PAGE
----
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So a teacher at school told me that strong acids do not create an equilibrium in general, while weak acids do (thats the difference, strong acids namely ionize completely). However, I lately stumbled upon a passage reporting that when experimenting with extreme pH, so extreme concentrations of acids, strange things start to occur and strong acids are not able to ionize completely, resulting in an equilibrium. I would explain this by the extreme concentration -> less water molecules in the vicinity of acid to react -> less chance to ionize. But then I thought, are strong acids in fact not also creating an equilibrium, but because they react so strongly, they immediately release their proton. The conjugate bases are extremely weak, but they should be able to pick up a proton right? They simply become and acid, and release it immediately again. Please clarify this entire situation for me, thanks already.

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To be more strict, a strong acid is defined as one that completely ionize in aquatic solutions. And as always (in chemistry), completely means almost completely.

In a strict sense the strong acid do "have an equilibrium" because any reaction you can write down and balance will have an equilibrium constant, calculable through Nernst equation. However, the equilibrium is inconsequential unless in extreme conditions. Any acid with $\mathrm{p}K_\mathrm{a} < 0$, or equivalently $K_\mathrm{a}>1$ is a strong acid.

Chemistry is a practical science and there is a tendency to use practical instead of strict terms. So when your teacher say something like "fully", "completely", "do not have", etc. in a chemistry classroom, it implies approximations.

Also remember your teacher's discussions will be all focused on highly diluted solutions. Even concentrations otherwise the situation becomes extremely difficult to treat and unfit for a textbook example. Therefore in the context of your textbook, $\mathrm{p}K_\mathrm{a} < 0$ guarantees essentially complete dissociation.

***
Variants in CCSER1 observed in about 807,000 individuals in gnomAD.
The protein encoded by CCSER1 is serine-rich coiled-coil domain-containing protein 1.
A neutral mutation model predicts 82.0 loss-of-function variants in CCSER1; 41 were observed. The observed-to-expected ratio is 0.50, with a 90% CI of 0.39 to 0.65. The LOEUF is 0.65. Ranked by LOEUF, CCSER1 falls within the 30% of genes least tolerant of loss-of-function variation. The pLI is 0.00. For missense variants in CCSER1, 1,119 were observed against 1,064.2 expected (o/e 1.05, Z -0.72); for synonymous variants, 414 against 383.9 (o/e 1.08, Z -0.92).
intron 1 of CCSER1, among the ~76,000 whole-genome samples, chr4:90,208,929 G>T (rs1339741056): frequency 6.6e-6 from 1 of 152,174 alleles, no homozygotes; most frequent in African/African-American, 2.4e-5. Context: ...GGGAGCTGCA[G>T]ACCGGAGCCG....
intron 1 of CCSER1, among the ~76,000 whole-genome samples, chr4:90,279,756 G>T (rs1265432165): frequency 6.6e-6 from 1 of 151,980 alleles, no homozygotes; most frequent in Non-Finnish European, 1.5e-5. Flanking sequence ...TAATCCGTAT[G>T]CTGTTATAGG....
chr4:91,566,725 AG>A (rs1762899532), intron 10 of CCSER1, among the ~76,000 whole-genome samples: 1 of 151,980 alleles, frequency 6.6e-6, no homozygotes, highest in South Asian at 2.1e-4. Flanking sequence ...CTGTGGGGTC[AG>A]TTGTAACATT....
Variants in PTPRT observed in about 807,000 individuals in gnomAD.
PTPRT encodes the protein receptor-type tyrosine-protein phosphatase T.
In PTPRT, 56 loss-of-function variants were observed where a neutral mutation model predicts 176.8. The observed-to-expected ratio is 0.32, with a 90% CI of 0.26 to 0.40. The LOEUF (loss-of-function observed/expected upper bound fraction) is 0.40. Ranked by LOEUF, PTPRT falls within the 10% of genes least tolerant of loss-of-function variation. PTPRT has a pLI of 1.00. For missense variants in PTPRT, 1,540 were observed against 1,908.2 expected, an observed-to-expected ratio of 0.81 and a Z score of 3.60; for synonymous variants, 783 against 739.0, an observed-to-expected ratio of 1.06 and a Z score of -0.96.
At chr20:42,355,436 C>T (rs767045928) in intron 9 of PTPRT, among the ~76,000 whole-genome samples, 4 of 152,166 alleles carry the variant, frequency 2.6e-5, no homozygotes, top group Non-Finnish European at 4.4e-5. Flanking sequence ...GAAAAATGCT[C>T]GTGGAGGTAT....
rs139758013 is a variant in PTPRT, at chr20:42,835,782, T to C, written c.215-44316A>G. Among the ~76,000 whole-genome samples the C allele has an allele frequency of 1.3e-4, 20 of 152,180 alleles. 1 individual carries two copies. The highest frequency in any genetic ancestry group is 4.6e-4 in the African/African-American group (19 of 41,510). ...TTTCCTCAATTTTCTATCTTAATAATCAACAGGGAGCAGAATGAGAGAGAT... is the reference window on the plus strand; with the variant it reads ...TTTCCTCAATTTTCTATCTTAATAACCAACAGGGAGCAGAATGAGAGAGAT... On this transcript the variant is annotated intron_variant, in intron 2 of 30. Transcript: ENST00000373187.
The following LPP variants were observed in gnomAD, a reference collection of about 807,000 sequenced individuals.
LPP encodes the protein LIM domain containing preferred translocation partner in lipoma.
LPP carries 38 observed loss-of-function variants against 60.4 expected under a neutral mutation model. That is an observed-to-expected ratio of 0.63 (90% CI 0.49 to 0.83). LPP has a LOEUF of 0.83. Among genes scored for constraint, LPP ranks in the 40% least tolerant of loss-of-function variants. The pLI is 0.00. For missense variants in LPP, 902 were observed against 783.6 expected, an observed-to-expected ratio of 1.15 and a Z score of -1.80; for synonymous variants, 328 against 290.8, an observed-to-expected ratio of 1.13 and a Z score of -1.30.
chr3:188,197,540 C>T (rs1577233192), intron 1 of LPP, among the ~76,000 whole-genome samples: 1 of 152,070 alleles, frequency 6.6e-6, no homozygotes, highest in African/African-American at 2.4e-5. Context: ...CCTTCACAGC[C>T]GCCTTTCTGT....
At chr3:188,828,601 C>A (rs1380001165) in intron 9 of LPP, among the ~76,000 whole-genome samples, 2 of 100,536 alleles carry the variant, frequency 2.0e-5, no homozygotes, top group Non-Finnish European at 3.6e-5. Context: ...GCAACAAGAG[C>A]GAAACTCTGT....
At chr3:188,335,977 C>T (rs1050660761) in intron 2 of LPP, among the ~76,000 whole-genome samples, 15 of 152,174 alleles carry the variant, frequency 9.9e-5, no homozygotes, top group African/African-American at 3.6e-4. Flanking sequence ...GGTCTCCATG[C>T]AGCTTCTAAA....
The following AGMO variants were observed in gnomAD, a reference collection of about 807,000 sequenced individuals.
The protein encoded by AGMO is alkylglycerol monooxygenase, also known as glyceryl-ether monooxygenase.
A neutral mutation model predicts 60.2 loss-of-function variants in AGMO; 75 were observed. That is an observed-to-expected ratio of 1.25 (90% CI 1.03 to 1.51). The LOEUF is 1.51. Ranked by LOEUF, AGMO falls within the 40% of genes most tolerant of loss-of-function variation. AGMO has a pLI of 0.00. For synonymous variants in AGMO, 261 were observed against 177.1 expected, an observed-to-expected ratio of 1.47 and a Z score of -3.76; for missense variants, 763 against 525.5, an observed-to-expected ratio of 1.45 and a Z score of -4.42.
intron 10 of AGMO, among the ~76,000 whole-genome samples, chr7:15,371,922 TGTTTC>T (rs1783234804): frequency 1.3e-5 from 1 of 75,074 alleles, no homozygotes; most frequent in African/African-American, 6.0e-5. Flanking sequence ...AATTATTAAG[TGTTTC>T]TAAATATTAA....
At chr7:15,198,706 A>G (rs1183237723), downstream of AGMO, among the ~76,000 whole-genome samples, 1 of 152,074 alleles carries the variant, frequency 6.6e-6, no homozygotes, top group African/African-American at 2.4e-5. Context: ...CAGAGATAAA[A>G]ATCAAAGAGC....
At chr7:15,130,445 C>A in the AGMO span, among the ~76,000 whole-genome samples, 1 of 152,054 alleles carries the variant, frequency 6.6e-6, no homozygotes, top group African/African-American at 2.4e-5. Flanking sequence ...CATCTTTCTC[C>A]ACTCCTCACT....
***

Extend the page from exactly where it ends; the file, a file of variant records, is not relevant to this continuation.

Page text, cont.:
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Whether a substance is a strong or weak acid/base depends on the solvent it's in. For example, $\ce{HNO_3}$ is a strong acid in water. This is partly because $\ce{HNO_3}$ has a relatively high tendency to donate a proton (the conjugate base $\ce{NO^{-}_3}$ is quite stable and therefore has a low tendency to accept a proton back), and partly because water has a certain basic character, accepting protons to create $\ce{H3O+}$. However, the same $\ce{HNO_3}$ in pure liquid $\ce{H3CCOOH}$ (also known as glacial acetic acid) is actually a weak acid. This change in character is largely due to the fact that $\ce{H3CCOOH}$ is a much, much weaker base than water, forming the $\ce{H3CCOOH^+_2}$ ion with significantly more reluctance. Even though $\ce{HNO_3}$ can easily lose its proton, $\ce{H3CCOOH}$ is even moreso unwilling to accept it, and thus $\ce{HNO_3}$ becomes a weak acid. An amusing situation arises in pure liquid $\ce{H_2SO_4}$. Adding $\ce{HNO_3}$ there, we find that $\ce{HNO_3}$ actually behaves as a weak base. $\ce{H_2SO_4}$ itself also has a high tendency to donate protons, and of the two possible reaction products from protonation, $\ce{H_2NO^+_3}$ is somewhat more stable than $\ce{H_3SO^+_4}$.

Hence, acidity is dependent on the solvent, not only on the solute. A strong acid such as $\ce{HNO_3}$ in aqueous solution at high dilution is completely dissociated, as we expect of a strong acid. However, if more and more water is removed, then the solution starts to behave differently. Even though $\ce{HNO_3}$ has a strong tendency to protonate water, you can have a solution that contains more moles of $\ce{HNO_3}$ than water. Then it becomes obvious that not all $\ce{HNO_3}$ molecules are deprotonated. Practically all of the water left in the solution will be in the form of $\ce{H_3O^+}$, but there will be left over undissociated $\ce{HNO_3}$, so most of the excess stays undissociated, except for a small amount that undergoes self-protonation, generating a bit of $\ce{H_2NO^+_3}$.

All in all, in extremely concentrated solutions, even strong acids/bases will not show 100% dissociation, and saying that "strong acids completely ionize" is just a rule of thumb which shouldn't be taken too far.

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  • $\begingroup$ nice examples, I understand that it is possible to have unprotonated strong acids in this case now. $\endgroup$ – user209347 Nov 25 '13 at 17:08

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